"I just hope that a new president sees the value too," Futrell says, "that sports — because they keep the students engaged and give them something to root for — are important not only to bring students here, but for retention."
The guy who was presumed to be tapped for the president position — Dwyane Smith, an administrator and multicultural specialist from Harris-Stowe University in St. Louis — confirmed via email that he's no longer in the running.
Standing in Wolfe, walking the row of photos as a sort of historical tour, it's obvious that a dynamic leader can singlehandedly, by the force of his or her will and charisma, alter the culture and prospects of an institution in distress.
Just ask Michael Sorrel. He knows a thing or two about the plights of HBCUs and the creative energy necessary to rustle up major contributions. Sorrel's the president of Paul Quinn College, in south Dallas. Paul Quinn's another HBCU under the aegis of the African Methodist Episcopal Church, and in 2009, it lost its accreditation for reasons very similar to those currently laying siege to Wilberforce.
Sorrel, an alum of Oberlin College and Duke Law School, told me he met Paul Quinn graduates at a weekly basketball game at the Dallas YMCA after he'd been lassoed to Texas by a prominent firm — Sorrel worked in corporate securities law. He found a deep community of friends among the Paul Quinn community, and said that he hated seeing people he respected affiliated with a university that, at least in the public eye, wasn't thought highly of.
It wasn't long before he was asked to join the board. And it wasn't long thereafter that he became an unhappy board member. "We didn't aim high enough," he told me. "And that's a big problem at HBCUs across the board."
By phone, Sorrel chatted about the challenges of fundraising at a school like Wilberforce.
"People always point to recruitment and fundraising because they intuitively make the most sense," he said. "I think the problem is a different one. You have nothing to sell. What are you selling? If you have a vision that is achievable and people look at you and think you can accomplish it, they will give you money. The problem is, institutions that get in trouble aren't wired for short-term fundraising success. There's a process. We call it creating an investment mentality."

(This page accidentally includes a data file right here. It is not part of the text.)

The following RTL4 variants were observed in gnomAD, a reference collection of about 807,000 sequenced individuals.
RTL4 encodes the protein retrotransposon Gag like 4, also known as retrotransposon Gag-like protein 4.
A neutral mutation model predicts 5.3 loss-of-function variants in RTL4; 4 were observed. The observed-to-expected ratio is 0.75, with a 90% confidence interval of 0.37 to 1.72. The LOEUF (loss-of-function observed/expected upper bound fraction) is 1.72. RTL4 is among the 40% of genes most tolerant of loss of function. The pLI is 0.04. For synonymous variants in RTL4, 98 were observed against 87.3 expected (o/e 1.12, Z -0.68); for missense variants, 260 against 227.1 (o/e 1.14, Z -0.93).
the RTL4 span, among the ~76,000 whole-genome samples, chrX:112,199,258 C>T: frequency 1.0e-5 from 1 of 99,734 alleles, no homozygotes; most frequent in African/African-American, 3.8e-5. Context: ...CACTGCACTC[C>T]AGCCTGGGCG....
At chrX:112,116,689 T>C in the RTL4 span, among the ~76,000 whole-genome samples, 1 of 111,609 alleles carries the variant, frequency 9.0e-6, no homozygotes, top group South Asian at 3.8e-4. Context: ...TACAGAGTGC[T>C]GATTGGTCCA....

In Sorrel's case, that meant acknowledging first and foremost that his students were his products — students who didn't, at that time, convey to investors that they were a good bet, Sorrel said — and by enlisting their aid in fundraising initiatives.
Sorrel's innovative idea was to establish a non-negotiable "business professional" campus dress code at Paul Quinn. The business-savvy, PR-friendly president took to the airwaves asking for donations not of cash, but of suits and dress shoes for his students.
"The secret was that the dress code was a Trojan Horse for building fundraising capacity," Sorrel said. "The clothing drive created a network of donors that we could return to, and by the way we could gauge by the types of clothes people sent in just what their capacity to give might be."
The reason why Sorrel's outside-the-box fundraising thinking is so critical is because at HBCUs, the rate of giving among alumni is much lower than at other colleges and universities. Much of that has to do with the fact that many of the students are (still) the first or among the first to attend college in their families. The idea of giving back hasn't yet become part of the tradition.
Carole Bernardino, the newly minted alumni affairs director at Wilberforce, says she always stresses that for alumni, giving back should be an obligation, just like church.
"I say to them that whatever we could do and whatever we should do, we must do, for WU," Bernardino says.